The seismic shift in which the figurative imagination is cordoned off by the understanding is not universal, but it has occurred, and become intrinsic to the West, at least in its narratives of institutional legitimacy. Thus it is that religious faith is relegated to a private matter because its appeals remain figurative rather than ‘rational’.  Nevertheless,  enlightened philosophers never compellingly demonstrated that the understanding and reason could be so easily separated from, or rule over  the imagination.  This point was well made by Hume (who whilst arguing that ‘common life’ lies outside the purview of philosophical demonstrations, remains committed to the broader Enlightenment project.) Although Kant would successfully criticize Hume’s failure to distinguish between the form of law and its content, the fact remains, that all attempts to ‘ground’ the understanding or reason in such a way that it could preside over the truth of our world-making keeps hitting against the same problem: reason (and hence the understanding) is an operation within the world, not a substance presiding over it. Which is to say that while the Enlightened philosophers were able to demonstrate there was no compelling proof for God’s existence, they fared no better at demonstrating reason’s existence.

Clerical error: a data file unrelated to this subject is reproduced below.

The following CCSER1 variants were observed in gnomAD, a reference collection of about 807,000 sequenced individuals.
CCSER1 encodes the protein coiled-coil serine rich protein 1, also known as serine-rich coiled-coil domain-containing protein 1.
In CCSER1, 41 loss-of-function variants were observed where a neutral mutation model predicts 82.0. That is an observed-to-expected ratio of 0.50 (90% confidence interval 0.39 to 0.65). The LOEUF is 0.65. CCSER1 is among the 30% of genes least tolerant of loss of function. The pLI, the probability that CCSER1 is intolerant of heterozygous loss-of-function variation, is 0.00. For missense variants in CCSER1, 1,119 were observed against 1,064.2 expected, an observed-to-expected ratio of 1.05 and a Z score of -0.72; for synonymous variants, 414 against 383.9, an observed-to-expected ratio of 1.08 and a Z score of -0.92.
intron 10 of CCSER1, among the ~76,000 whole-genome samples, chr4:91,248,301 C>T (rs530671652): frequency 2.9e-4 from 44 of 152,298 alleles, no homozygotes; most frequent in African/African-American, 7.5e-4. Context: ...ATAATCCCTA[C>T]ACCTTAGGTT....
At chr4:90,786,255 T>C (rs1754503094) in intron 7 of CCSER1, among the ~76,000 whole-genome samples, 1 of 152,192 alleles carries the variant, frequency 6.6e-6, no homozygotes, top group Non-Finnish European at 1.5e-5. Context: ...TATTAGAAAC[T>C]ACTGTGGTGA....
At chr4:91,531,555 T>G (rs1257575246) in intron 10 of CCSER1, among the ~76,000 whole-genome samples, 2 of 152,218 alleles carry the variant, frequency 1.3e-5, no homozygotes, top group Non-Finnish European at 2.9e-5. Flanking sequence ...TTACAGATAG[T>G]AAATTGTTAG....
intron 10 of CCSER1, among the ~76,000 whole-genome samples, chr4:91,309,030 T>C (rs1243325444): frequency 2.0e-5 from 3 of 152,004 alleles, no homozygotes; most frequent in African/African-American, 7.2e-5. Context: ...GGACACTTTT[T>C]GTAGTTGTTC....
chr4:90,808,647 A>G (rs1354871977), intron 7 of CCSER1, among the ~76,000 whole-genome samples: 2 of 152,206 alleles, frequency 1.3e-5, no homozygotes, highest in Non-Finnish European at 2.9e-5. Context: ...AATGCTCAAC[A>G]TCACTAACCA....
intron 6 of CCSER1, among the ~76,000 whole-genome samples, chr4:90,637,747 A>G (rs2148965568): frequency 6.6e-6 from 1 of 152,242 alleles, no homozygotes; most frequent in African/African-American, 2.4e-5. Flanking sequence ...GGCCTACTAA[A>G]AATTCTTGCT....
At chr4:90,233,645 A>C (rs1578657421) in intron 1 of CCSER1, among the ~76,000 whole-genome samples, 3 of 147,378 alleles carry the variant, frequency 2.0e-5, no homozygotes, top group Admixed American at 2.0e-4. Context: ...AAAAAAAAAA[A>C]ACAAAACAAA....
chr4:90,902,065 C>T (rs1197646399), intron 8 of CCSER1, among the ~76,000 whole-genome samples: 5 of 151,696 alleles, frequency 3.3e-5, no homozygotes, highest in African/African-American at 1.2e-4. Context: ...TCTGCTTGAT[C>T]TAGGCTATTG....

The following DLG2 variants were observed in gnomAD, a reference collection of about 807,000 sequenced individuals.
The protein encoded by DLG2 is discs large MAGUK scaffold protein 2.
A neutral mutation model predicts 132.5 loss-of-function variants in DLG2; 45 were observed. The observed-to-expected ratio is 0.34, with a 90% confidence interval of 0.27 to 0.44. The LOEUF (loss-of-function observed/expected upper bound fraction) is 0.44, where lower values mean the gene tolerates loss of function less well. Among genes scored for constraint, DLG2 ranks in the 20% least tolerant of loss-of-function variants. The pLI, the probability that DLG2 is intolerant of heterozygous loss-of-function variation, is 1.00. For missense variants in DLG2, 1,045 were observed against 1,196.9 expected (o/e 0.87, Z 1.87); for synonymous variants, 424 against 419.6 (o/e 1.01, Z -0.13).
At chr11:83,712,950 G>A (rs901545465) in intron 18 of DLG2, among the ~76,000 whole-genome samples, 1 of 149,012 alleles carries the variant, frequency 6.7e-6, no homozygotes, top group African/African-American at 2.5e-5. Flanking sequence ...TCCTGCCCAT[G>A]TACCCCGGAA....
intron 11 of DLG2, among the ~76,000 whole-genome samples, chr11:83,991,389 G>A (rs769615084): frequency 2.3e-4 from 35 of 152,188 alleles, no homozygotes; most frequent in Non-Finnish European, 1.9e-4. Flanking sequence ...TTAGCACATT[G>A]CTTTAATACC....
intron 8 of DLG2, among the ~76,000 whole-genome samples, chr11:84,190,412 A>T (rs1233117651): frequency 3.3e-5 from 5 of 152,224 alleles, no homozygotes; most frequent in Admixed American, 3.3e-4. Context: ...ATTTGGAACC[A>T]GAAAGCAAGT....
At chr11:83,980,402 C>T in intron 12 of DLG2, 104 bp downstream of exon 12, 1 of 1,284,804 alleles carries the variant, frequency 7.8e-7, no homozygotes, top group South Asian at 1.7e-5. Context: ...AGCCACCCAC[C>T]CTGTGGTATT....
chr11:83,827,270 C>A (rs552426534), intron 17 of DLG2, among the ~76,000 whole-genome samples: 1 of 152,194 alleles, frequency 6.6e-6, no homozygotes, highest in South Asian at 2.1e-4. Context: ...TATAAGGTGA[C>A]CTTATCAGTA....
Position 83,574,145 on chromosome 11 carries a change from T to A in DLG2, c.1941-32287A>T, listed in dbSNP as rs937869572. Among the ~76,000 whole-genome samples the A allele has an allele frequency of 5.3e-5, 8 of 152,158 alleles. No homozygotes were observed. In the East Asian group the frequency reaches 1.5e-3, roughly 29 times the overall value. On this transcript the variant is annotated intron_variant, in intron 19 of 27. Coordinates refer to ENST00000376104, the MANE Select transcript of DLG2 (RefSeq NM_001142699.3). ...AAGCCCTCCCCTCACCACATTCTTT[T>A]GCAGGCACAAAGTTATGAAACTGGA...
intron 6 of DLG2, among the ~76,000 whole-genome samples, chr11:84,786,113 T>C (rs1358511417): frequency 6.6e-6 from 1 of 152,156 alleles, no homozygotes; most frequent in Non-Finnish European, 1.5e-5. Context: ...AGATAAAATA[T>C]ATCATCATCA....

The post-structuralists would make great play with this, demonstrating why one essence after another could not be the ultimate appeal – and yet they remain committed to the sovereign idea of ‘anti-domination’, which would also be the cornerstone of minority/identity politics. The aforementioned problem of norm dependent idea of a ‘group’ not fitting  the various values and contradictions and responses of living  group members should have made their philosophical contribution somewhat pyrrhic. But  such a blatant philosophical problem (a Phil 101 howler)  has generally been ignored by the modern radical understanding. This is because the social and political ambition (combined with a sense of economic expectancy that those who teach how the world should be should be recompensed) and self-certainty about the moral and ‘theoretical’ rectitude of the diagnosis provides a bulwark against the asking of such a simple questions as how is it possible that a substantive character is not substantive when it deviated from the norm? Were the understanding doing its job, then one would have to concede that the norm must give way to the substance, and not the other way around. But then that would require the concession that one’s normative pronouncement are not based upon knowledge of the substance, but upon the hope that the substance will not be what it actually is. Such a question about the disjuncture between substance and norm destabilizes claims  about how ideology functions, about group identification of interests (whether it be about a ‘minority’ or about capital, or whiteness), and hence threatens the very existence of the narrative that gives this idea-brokering elite its own leadership role (of to use its own language, its privilege).  Thus we find another jarringly conspicuous contradiction which only a ‘hateful’ or bad person would notice: viz. a member of an alien group is more authorized to diagnose the group’s problem and offer a remedy than members from that group who do not share the narrative that supposedly expresses the essence of the group and the road to its emancipation. Thus the non-white Thomas Sowell, Walter Williams, Candace Owens, Karen Kennedy, Kevin from Kevin’s Corner, Ryan Bomberger should not be listened to when it comes to diagnosing race in the USA because they are the dupes/ spreaders of systemically oppressive ideas about race, but the white Peggy McIntosh, Robin DiAngelo, Susan Rosenberg, or James Kilgore not only have cured themselves of systemic racism, but have the knowledge about what is wrong and how to make a good society.  The widespread  failure to register this kind of anomaly tells us something important about the weakness of identity narrative as such. Moreover while this failure is a symptom of a ‘pseudo-understanding,’ or sloppy thinking (not may more robust because it strives for virtue), it also suggests that the blindness may not  be purely a failure of the ‘understanding’ in itself, especially if we can detect (as we can) that the ‘pseudo-understanding’ or blatant contradiction tends to be more common amongst some social groups or classes (urban tertiary educated professionals and students) than others. In this case it is a symptom of how an interest dictates what the understanding will select when it already ‘knows’ the answer to the problem it is looking for. That the interest is shored up by various tacit bonds of group acceptance, and more explicit institutional rewards such as career advancement, prestige etc. affirms that placement and position do matter, not in the way that the ‘ideologist’ thinks it does. That is, it matters because the pressures of conformity and expectation feed into presumption, but that does not mean that a willingness to ask questions and think makes it impossible to think outside of these presumptions and pressures.